Chitin, a long-chain polymer of N-acetylglucosamine, is one of the most abundant polysaccharides and usually prepared from the shells of crabs and shrimps [7,8]. Chitosan, a partially deacetylated polymer of N-acetylglucosamine, is produced commercially by deacetylation of chitin [9]. The molecular weight of commercially produced chitosan is usually between 3800 and 20,000 Daltons. Chitosan is a linear randomly distributed, hetero polysaccharide consisting of β-(1→4)-linked 2-acetamido-2-deoxy-D-glucopyranose and 2-amino-2-deoxy-D-glucopyranose units [2]. Chemical modification of chitin and chitosan can generate new biofunctional products which possess good biological activities and physicochemical properties [10,11,12,13,14]. Moreover, it was reported that the marine polysaccharides isolated from cartilaginous fishes also contain trace neutral mannose, xylose and rhamnose besides the galactosamine and glucuronic acid, which have certain structure-specific properties [15].

Furthermore, Cimino et al. [16] reported that rosacelose, a new anti-HIV polysaccharide composed of glucose and fucose sulfate, could be isolated from the aqueous extract of the marine sponge Mixylla rosacea. They also found that this marine polysaccharide has a linear polysaccharide structure mainly composed of 4,6-disulfated 3-O-glycosylated α-D-glucopyranosyl and 2,4-disulfated 3-O-glycosylated α-L-fucopyranosyl residues (in a 3:1 molar ratio) [16]. Moreover, it was reported that one kind of sugar polymer which contains hexosamine, hexuronic acid, and fucose sulfate could be separated from Apostichopus japonicus selenka [17]. In a word, marine animal polysaccharides have extremely broad distribution, and exist in almost all marine animal tissues and organs.

2.2. The Main Structure Features of Marine Plant Polysaccharides

The marine plant polysaccharides especially the seaweed polysaccharides are widely distributed in the ocean, occurring from the tide level to considerable depths, free-floating or anchored, which are the most abundant polysaccharides in marine organisms. Moreover, the polysaccharide content of seaweed is very high, accounting for more than 50% of the dry weight, thus the seaweed polysaccharides are very important resources for the development of marine polysaccharide drugs. The principal cell wall polysaccharides in green seaweeds are ulvans, those in red seaweeds are agarans and carrageenans, and those in brown seaweeds are alginates and fucans, as well as the storage polysaccharide laminarin [18,19].

Alginates are the major constituent of brown seaweeds’ cell walls and are linear acidic polysaccharides composed with a central backbone of poly-D-glucuronic acid (G blocks), poly-D-mannuronic acid (M blocks) and alternate residues of D-guluronic acid and D-mannuronic acid (GM blocks) [20]. Fucans are also one of the major constituents of brown seaweed cell walls, and are ramified sulfated polysaccharides constituted by a central backbone of fucose sulfated in positions C2 and/or C4 and ramifications at each two or three fucose residues [21].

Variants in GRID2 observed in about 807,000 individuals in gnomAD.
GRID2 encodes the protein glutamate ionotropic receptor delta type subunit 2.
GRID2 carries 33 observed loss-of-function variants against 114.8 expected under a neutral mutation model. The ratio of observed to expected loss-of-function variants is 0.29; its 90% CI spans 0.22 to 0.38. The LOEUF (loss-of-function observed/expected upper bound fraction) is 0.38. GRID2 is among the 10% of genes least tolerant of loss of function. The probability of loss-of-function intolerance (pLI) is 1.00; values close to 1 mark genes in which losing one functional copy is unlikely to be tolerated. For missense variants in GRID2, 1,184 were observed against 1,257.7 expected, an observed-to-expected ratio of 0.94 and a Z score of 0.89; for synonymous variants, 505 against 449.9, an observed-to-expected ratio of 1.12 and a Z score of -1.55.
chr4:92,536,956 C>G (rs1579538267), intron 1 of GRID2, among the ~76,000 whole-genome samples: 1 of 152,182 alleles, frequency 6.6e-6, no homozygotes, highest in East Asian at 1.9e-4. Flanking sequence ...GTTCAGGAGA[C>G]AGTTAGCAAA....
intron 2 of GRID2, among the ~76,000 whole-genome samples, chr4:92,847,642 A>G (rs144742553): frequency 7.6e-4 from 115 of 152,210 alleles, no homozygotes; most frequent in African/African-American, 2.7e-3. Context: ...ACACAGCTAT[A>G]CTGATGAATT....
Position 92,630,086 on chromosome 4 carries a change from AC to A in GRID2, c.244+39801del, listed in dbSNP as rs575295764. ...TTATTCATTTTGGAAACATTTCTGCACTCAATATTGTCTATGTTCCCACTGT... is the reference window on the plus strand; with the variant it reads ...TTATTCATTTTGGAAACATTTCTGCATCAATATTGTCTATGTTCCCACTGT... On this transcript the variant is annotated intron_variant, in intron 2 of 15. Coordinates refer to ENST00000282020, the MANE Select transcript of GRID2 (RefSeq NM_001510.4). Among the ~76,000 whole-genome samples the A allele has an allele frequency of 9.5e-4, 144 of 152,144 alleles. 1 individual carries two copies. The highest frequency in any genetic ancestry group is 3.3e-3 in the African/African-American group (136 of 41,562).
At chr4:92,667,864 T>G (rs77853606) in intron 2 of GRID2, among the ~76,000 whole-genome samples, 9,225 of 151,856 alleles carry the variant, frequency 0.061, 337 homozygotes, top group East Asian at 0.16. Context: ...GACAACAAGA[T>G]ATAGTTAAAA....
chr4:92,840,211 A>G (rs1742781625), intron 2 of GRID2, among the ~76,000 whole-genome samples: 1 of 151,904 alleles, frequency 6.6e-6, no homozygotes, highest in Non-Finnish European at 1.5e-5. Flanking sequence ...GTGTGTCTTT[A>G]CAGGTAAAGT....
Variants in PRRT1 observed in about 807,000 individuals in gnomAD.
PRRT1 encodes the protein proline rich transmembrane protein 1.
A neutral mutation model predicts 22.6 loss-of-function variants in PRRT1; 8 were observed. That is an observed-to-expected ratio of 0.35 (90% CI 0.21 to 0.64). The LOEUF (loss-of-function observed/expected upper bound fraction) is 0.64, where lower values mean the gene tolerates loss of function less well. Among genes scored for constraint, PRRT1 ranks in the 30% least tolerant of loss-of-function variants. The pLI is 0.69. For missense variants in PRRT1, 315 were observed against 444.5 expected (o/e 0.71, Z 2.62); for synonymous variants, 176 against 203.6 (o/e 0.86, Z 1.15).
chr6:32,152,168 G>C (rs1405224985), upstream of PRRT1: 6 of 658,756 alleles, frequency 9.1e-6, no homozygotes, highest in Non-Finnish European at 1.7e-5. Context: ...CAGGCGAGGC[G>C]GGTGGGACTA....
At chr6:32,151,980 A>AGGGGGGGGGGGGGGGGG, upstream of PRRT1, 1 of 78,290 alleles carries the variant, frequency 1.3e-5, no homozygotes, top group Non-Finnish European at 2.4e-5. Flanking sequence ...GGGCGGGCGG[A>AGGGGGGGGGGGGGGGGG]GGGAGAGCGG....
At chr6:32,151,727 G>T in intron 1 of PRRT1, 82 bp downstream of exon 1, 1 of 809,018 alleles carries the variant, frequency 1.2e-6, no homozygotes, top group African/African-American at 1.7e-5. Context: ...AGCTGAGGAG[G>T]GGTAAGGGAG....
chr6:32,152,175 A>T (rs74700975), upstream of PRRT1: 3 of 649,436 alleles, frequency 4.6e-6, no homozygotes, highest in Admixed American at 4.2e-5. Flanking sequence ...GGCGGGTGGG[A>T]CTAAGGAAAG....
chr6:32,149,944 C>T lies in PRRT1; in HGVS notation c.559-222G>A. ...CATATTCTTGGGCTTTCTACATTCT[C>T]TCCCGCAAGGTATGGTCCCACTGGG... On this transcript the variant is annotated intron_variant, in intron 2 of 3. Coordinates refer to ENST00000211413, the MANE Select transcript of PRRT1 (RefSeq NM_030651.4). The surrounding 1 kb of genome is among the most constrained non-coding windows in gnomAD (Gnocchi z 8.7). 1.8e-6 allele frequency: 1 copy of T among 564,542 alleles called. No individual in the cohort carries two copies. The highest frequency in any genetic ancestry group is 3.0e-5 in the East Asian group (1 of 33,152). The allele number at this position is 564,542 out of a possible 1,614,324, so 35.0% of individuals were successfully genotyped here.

Red seaweed polysaccharides are primarily classified as agarans and carrageenans based on their stereochemistry, specifically galactans with 4-linked α-galactose residues of the L-series are termed agarans, and those of the D-series are termed carrageenans [22]. Carrageenans are sulfated D-galactans composed of repeating disaccharide units with alternating 3-linked β-D-galactopyranose (G-units) and 4-linked α-galactopyranose (D-units) or 3,6-anhydro-α-galactopyranose (AnGal-units), which possess broad-spectrum antiviral activities [18]. In conclusion, the seaweed polysaccharides are the most abundant polysaccharides in marine plants, and usually possess the special characteristics of high sulfation and carboxylation.

2.3. The Main Structure Features of Marine Microbial Polysaccharides

Marine microorganisms, including bacteria, fungi, and microalgae, are of considerable importance as promising new sources of a huge number of biologically active products [23,24,25,26]. Some of these marine species live in high-pressure, high-salt, low-temperature, and oligotrophic environments, which provide the opportunity for them to produce unique active substances that differ from the terrestrial ones [27].

Marine microbial polysaccharides, especially the extracellular polysaccharides, have structural diversity, complexity, and particularity. Most of these polysaccharides are heteropolysaccharides which composed by different monosaccharides in a certain percentage, wherein the glucose, galactose and mannose are the most common components in microbial polysaccharides. It was reported that spirulan, a sulfated polysaccharide isolated from Arthrospira platensis (formely Spirulina platensis) is composed of two types of disaccharide repeating units, [→3)-α-L-Rha(1→2)-α-L-Aco-(1→] where Aco (acofriose) is 3-O-methyl-Rha with sulfate groups and O-hexuronosyl-rhamnose [28].